While Monegraph itself will store vital information including identification of the original artist and the current owner, the information will also be recorded on the blockchain. The company has stated that blockchain will provide a verifiable record of specific contracts being executed, as well as any associated licenses, which can’t be hacked. With each transfer work securely logged on the ledger, Monegraph can ensure who owns a digital piece of art at each moment can be easily ascertained.
The diamond industry also looks set to undergo significant changes under blockchain. FinTech company Everledger is using the technology to create a ledger which can store information about the origins of each diamond, thus reducing its potential to be used for nefarious purposes in the future. While certification which stipulates a diamond’s origin does currently exist in paper form, it can’t be constantly updated or accessed remotely, unlike Everledger’s blockchain-inspired ledger. Paper-based records can also be easily subjected to forgery.
The ledger works by collecting 40 data points on each diamond that describe the physical appearance of each diamond, as well as its serial number and the ‘four Cs’ – cut, clarity, colour and carat weight. Everledger CEO Leanne Kemp uses the help of certified diamond laboratories for this process, explaining that the laboratories effectively “digitize” the diamond, which Everledger takes to “put the digitized fingerprint into the blockchain”. Kemp has also explicitly stated that blockchain’s technology is being employed primarily for its immutability. Once an entry is written into Everledger’s ledger, it can’t be changed or manipulated – a vital property that is required to tackle fraud.
By cross-referencing this data against the ledger to determine a diamond’s origins, therefore, it can stop the diamond from being sold for an exorbitant price. In this way, the ledger protects the interests of potential diamond buyers. Furthermore, data regarding ownership and provenance can be recorded on the ledger which makes the product difficult to resell. The digital fingerprint can be removed by criminals by recutting the diamond, but this is an expensive process to undertake, while the recut diamond itself is substantially lower in value than the original stone.
Moreover, the existence of an immutable record of a diamond’s history will allow mining companies to ensure that the diamonds they are producing in rough-cut form will not eventually be used as ‘blood diamonds’ – diamonds used by militias to fund insurgencies. Securely tracking and tracing such diamonds along the blockchain will ensure they don’t end up in the wrong hands. Blood diamonds are currently estimated to make up 4% of the global diamond trade – this could be all but stamped out by blockchain.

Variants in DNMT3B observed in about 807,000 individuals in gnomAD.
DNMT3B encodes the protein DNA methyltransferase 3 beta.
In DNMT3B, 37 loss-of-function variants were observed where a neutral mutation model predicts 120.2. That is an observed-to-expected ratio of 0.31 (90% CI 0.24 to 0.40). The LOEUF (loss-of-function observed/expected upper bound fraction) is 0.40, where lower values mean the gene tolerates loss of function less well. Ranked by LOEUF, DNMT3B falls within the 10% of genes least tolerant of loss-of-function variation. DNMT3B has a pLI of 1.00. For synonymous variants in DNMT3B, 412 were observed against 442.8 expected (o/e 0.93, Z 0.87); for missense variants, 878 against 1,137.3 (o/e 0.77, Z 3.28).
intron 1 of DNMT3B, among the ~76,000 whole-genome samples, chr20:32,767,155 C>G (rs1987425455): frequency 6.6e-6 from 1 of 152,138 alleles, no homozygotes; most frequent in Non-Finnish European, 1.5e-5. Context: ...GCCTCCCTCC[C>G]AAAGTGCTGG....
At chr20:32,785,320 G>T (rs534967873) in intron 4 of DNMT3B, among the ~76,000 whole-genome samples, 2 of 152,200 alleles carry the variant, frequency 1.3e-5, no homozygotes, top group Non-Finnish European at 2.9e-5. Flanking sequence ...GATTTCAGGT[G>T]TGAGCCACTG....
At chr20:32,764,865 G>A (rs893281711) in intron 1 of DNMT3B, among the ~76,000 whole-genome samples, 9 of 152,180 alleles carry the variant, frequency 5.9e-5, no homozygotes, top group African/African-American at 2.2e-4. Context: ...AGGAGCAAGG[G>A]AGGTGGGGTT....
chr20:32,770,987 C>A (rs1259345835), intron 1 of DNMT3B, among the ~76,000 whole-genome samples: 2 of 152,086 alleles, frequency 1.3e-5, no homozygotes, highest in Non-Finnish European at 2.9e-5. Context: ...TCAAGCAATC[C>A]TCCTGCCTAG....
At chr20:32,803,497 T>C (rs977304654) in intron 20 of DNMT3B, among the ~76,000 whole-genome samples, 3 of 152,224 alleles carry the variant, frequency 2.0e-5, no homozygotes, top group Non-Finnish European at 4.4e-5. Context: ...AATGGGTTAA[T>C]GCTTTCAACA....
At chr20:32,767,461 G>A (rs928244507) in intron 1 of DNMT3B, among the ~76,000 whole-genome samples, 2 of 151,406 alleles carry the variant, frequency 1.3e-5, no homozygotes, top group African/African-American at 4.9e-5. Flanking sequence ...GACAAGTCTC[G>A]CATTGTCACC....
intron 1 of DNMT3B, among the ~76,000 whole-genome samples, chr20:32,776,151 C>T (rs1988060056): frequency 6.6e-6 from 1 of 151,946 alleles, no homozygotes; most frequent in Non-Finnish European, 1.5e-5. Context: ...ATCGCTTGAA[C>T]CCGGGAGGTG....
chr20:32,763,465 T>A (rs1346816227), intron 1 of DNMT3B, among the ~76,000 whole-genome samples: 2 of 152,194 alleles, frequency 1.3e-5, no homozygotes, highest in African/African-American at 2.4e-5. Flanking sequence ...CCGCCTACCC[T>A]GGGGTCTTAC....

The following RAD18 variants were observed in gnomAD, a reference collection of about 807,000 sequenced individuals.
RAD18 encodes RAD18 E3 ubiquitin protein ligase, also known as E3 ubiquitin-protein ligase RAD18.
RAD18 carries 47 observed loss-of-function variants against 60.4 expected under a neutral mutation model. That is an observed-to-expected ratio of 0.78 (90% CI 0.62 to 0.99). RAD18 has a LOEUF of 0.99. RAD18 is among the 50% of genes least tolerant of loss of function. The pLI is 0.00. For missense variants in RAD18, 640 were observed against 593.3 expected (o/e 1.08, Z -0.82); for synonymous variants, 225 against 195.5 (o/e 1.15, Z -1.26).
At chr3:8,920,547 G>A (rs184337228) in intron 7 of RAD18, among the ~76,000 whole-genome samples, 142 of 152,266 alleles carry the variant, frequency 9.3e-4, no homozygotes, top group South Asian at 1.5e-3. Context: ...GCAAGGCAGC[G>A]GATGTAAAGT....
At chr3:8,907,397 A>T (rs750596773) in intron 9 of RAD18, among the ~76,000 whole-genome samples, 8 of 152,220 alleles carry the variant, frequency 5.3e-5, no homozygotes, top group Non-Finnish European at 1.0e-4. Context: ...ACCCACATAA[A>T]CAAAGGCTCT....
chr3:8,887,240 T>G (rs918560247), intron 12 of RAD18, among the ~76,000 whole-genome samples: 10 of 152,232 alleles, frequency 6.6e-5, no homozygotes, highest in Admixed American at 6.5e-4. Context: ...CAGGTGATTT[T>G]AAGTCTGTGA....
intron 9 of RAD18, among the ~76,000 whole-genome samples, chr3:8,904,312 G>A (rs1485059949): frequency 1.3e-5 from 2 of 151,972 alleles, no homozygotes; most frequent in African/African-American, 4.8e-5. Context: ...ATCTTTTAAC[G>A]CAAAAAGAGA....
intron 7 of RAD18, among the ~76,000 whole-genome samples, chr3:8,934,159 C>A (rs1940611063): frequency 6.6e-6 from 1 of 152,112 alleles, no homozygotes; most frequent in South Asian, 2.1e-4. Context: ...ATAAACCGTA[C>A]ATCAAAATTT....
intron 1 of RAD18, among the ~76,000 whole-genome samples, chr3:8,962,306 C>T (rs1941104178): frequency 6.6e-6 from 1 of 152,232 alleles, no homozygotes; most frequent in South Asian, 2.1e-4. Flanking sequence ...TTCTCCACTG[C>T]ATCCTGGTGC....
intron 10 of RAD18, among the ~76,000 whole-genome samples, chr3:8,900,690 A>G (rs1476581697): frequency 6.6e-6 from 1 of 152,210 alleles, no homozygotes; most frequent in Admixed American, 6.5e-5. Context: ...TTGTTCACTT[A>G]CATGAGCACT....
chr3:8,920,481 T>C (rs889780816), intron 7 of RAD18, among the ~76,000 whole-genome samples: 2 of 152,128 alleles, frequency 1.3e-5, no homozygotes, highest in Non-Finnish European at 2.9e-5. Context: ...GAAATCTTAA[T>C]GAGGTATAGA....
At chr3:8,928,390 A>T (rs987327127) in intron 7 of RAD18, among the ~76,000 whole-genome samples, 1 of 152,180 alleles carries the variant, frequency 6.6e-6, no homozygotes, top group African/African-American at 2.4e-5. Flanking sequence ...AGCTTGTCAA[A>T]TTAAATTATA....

Advantage of Blockchain in Real-Estate
Given how antiquated some of its business processes are at present, real estate could experience some of the most fundamental changes to its industry. Much of blockchain’s influence on the process at this stage is concerned with transfer of land titles and government ownership of land records – both of which are expected to drastically improve on blockchain’s distributive ledger. Much like the art and diamond industries, the advantage blockchain has over traditional methods of real estate business is the immutability of the ledger.
At present, buyers and sellers exchange paper contracts pertaining to title companies, title insurance and many other items of business, which is being increasingly regarded as inefficient. In developing countries, moreover, such paper records are often stored by the government and are exposed to widespread fraudulent activity.
Among the multitude of ostensible benefits to the real estate industry, finding figures of comparable sales for similar properties could be considerably improved upon under blockchain. Currently, this process is made difficult because owners often keep such price information private. Stuart Appley, CTO of San-Francisco-based commercial real estate company Shorenstein Co., is keen to see this information shifted onto the blockchain ledger. While preserving the anonymity of the key parties involved in the real estate deal, price information could be gathered easily and quickly, as could information about the property itself, such as address, previous owners and tenants.
Ultimately, the efficiencies associated with blockchain could see the elimination of real estate entities such as title companies and other intermediaries. While the complexity of blockchain’s technology means that this may not happen for a some time, the wheels are undoubtedly in motion, and 2016 could witness some comprehensive changes.